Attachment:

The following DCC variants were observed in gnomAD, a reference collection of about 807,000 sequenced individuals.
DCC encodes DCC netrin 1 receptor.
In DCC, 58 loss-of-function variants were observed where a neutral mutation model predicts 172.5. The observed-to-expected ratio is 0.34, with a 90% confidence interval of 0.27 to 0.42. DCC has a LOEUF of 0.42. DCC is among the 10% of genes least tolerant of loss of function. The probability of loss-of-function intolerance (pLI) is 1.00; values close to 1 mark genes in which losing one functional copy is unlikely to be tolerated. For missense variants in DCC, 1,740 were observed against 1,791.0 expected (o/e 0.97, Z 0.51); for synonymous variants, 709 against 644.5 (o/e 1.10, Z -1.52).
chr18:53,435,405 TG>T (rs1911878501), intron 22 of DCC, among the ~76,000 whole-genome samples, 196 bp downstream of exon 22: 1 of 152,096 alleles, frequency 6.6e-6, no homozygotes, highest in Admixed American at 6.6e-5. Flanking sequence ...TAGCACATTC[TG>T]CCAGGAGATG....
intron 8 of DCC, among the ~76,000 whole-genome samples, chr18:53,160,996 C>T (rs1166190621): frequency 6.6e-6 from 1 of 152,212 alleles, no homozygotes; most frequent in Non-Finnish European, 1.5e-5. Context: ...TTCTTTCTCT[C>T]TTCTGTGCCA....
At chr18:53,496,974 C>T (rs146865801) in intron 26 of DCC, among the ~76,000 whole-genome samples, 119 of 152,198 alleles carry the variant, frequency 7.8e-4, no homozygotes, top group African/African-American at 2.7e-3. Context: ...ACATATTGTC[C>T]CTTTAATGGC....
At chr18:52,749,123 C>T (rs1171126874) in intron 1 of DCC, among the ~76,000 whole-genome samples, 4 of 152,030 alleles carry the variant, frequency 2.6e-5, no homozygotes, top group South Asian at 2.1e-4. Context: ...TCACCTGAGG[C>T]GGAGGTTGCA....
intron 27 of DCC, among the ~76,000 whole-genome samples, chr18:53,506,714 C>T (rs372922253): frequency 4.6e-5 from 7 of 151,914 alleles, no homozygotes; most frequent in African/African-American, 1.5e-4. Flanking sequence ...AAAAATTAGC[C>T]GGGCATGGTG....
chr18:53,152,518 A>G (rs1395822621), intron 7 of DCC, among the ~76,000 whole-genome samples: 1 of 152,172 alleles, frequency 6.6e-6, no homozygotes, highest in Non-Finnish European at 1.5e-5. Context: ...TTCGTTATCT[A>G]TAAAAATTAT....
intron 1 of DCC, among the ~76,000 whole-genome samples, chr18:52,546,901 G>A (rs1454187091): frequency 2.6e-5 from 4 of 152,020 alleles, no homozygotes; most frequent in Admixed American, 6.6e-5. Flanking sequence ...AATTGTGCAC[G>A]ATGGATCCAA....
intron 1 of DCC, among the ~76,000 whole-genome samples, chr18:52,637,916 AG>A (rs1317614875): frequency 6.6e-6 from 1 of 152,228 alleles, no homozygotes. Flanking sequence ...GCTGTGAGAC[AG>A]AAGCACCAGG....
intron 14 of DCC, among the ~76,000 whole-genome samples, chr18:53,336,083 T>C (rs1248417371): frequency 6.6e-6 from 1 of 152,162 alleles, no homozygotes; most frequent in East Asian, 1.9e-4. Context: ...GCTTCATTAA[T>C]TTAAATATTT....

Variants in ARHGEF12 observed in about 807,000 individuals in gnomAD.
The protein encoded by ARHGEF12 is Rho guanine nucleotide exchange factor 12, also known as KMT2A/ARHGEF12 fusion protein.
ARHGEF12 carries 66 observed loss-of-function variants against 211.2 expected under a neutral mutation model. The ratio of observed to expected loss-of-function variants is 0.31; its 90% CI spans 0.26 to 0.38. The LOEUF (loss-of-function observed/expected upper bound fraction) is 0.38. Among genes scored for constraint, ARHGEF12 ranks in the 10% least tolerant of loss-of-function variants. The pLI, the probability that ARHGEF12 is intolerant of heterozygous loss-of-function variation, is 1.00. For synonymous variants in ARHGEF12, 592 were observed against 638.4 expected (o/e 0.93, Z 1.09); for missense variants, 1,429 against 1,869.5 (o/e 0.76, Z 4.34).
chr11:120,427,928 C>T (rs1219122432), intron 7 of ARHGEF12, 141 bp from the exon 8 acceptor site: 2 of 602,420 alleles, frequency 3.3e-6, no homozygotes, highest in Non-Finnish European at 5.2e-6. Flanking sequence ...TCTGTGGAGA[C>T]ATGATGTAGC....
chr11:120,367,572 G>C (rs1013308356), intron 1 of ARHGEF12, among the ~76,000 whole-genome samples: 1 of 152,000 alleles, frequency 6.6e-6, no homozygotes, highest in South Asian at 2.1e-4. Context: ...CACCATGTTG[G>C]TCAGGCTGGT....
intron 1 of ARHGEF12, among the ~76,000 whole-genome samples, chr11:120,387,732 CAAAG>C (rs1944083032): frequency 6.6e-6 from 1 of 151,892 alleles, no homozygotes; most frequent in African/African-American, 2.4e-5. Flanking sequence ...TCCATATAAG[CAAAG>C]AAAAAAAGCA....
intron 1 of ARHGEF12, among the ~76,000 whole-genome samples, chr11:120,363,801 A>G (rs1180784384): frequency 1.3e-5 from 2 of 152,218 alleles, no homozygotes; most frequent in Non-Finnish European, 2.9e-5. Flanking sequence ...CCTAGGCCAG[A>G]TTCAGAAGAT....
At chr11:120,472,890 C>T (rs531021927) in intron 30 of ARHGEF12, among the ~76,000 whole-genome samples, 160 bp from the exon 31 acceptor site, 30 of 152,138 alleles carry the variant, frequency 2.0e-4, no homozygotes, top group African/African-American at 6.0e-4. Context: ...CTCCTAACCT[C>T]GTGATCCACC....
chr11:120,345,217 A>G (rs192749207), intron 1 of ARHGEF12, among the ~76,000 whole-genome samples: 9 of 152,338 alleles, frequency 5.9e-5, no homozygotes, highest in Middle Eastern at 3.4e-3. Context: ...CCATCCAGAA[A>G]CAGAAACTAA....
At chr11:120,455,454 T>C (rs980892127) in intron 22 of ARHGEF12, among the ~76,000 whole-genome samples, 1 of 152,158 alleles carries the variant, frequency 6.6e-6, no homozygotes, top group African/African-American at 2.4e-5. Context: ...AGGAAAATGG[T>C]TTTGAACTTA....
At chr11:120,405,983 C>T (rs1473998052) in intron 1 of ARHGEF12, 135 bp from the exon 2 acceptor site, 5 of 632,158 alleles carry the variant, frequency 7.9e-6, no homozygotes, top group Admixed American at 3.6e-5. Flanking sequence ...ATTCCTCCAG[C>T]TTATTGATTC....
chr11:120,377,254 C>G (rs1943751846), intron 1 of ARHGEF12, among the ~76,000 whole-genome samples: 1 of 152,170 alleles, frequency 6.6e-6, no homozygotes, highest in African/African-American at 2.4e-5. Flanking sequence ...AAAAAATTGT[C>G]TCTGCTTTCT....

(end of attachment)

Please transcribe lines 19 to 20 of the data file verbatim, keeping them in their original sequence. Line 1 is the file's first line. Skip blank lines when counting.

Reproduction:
intron 1 of ARHGEF12, among the ~76,000 whole-genome samples, chr11:120,363,801 A>G (rs1180784384): frequency 1.3e-5 from 2 of 152,218 alleles, no homozygotes; most frequent in Non-Finnish European, 2.9e-5. Flanking sequence ...CCTAGGCCAG[A>G]TTCAGAAGAT....
At chr11:120,472,890 C>T (rs531021927) in intron 30 of ARHGEF12, among the ~76,000 whole-genome samples, 160 bp from the exon 31 acceptor site, 30 of 152,138 alleles carry the variant, frequency 2.0e-4, no homozygotes, top group African/African-American at 6.0e-4. Context: ...CTCCTAACCT[C>T]GTGATCCACC....